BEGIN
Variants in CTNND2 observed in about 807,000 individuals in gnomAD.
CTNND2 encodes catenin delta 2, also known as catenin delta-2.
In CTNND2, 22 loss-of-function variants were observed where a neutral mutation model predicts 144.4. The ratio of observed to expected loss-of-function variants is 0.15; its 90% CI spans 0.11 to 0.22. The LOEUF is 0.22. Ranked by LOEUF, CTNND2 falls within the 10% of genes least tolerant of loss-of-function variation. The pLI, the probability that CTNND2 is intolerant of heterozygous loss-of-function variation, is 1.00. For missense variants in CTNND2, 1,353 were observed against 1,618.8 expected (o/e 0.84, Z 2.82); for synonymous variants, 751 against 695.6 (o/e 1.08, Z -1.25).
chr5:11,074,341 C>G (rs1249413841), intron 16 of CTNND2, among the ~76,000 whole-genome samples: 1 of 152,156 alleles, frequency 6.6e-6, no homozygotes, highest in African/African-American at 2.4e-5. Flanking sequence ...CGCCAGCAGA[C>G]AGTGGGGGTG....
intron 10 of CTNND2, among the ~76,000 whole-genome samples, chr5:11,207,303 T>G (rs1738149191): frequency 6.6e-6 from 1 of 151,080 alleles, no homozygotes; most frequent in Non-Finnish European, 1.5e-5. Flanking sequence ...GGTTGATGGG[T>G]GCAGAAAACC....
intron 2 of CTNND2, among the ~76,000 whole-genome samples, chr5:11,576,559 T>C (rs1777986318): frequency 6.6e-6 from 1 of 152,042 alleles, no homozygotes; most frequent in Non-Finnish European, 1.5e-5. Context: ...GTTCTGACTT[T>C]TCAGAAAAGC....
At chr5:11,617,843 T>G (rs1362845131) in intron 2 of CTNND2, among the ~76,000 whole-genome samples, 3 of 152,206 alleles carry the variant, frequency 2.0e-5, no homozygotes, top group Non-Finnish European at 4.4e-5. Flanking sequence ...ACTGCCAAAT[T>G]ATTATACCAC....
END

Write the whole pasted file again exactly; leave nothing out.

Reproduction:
Variants in CTNND2 observed in about 807,000 individuals in gnomAD.
CTNND2 encodes catenin delta 2, also known as catenin delta-2.
In CTNND2, 22 loss-of-function variants were observed where a neutral mutation model predicts 144.4. The ratio of observed to expected loss-of-function variants is 0.15; its 90% CI spans 0.11 to 0.22. The LOEUF is 0.22. Ranked by LOEUF, CTNND2 falls within the 10% of genes least tolerant of loss-of-function variation. The pLI, the probability that CTNND2 is intolerant of heterozygous loss-of-function variation, is 1.00. For missense variants in CTNND2, 1,353 were observed against 1,618.8 expected (o/e 0.84, Z 2.82); for synonymous variants, 751 against 695.6 (o/e 1.08, Z -1.25).
chr5:11,074,341 C>G (rs1249413841), intron 16 of CTNND2, among the ~76,000 whole-genome samples: 1 of 152,156 alleles, frequency 6.6e-6, no homozygotes, highest in African/African-American at 2.4e-5. Flanking sequence ...CGCCAGCAGA[C>G]AGTGGGGGTG....
intron 10 of CTNND2, among the ~76,000 whole-genome samples, chr5:11,207,303 T>G (rs1738149191): frequency 6.6e-6 from 1 of 151,080 alleles, no homozygotes; most frequent in Non-Finnish European, 1.5e-5. Flanking sequence ...GGTTGATGGG[T>G]GCAGAAAACC....
intron 2 of CTNND2, among the ~76,000 whole-genome samples, chr5:11,576,559 T>C (rs1777986318): frequency 6.6e-6 from 1 of 152,042 alleles, no homozygotes; most frequent in Non-Finnish European, 1.5e-5. Context: ...GTTCTGACTT[T>C]TCAGAAAAGC....
At chr5:11,617,843 T>G (rs1362845131) in intron 2 of CTNND2, among the ~76,000 whole-genome samples, 3 of 152,206 alleles carry the variant, frequency 2.0e-5, no homozygotes, top group Non-Finnish European at 4.4e-5. Flanking sequence ...ACTGCCAAAT[T>G]ATTATACCAC....